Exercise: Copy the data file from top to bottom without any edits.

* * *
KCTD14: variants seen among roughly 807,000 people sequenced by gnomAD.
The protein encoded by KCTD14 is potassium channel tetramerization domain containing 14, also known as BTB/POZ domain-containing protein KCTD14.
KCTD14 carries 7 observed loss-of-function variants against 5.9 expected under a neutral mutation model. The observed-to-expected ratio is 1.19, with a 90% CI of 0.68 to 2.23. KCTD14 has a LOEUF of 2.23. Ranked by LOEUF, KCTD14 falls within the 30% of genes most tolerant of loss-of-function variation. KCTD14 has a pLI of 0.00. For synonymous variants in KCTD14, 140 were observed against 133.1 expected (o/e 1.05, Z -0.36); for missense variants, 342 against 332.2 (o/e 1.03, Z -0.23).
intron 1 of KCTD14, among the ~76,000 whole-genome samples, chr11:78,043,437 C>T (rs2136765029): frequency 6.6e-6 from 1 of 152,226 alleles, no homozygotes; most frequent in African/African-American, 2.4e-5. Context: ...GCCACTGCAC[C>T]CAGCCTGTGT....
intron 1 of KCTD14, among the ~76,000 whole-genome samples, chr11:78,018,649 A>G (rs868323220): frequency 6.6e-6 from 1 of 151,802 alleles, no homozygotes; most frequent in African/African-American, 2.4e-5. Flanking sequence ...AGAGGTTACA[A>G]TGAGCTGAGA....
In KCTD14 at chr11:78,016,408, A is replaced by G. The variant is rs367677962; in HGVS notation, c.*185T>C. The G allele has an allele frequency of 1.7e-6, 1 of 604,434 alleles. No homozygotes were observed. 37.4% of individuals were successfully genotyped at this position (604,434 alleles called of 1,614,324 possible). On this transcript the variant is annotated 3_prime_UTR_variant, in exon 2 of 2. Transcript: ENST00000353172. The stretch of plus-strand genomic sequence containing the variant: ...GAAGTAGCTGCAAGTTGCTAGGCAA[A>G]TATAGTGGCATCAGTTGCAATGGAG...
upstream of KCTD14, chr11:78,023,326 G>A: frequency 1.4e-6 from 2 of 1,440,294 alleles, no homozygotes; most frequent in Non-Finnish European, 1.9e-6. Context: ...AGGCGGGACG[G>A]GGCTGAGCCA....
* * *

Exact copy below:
KCTD14: variants seen among roughly 807,000 people sequenced by gnomAD.
The protein encoded by KCTD14 is potassium channel tetramerization domain containing 14, also known as BTB/POZ domain-containing protein KCTD14.
KCTD14 carries 7 observed loss-of-function variants against 5.9 expected under a neutral mutation model. The observed-to-expected ratio is 1.19, with a 90% CI of 0.68 to 2.23. KCTD14 has a LOEUF of 2.23. Ranked by LOEUF, KCTD14 falls within the 30% of genes most tolerant of loss-of-function variation. KCTD14 has a pLI of 0.00. For synonymous variants in KCTD14, 140 were observed against 133.1 expected (o/e 1.05, Z -0.36); for missense variants, 342 against 332.2 (o/e 1.03, Z -0.23).
intron 1 of KCTD14, among the ~76,000 whole-genome samples, chr11:78,043,437 C>T (rs2136765029): frequency 6.6e-6 from 1 of 152,226 alleles, no homozygotes; most frequent in African/African-American, 2.4e-5. Context: ...GCCACTGCAC[C>T]CAGCCTGTGT....
intron 1 of KCTD14, among the ~76,000 whole-genome samples, chr11:78,018,649 A>G (rs868323220): frequency 6.6e-6 from 1 of 151,802 alleles, no homozygotes; most frequent in African/African-American, 2.4e-5. Flanking sequence ...AGAGGTTACA[A>G]TGAGCTGAGA....
In KCTD14 at chr11:78,016,408, A is replaced by G. The variant is rs367677962; in HGVS notation, c.*185T>C. The G allele has an allele frequency of 1.7e-6, 1 of 604,434 alleles. No homozygotes were observed. 37.4% of individuals were successfully genotyped at this position (604,434 alleles called of 1,614,324 possible). On this transcript the variant is annotated 3_prime_UTR_variant, in exon 2 of 2. Transcript: ENST00000353172. The stretch of plus-strand genomic sequence containing the variant: ...GAAGTAGCTGCAAGTTGCTAGGCAA[A>G]TATAGTGGCATCAGTTGCAATGGAG...
upstream of KCTD14, chr11:78,023,326 G>A: frequency 1.4e-6 from 2 of 1,440,294 alleles, no homozygotes; most frequent in Non-Finnish European, 1.9e-6. Context: ...AGGCGGGACG[G>A]GGCTGAGCCA....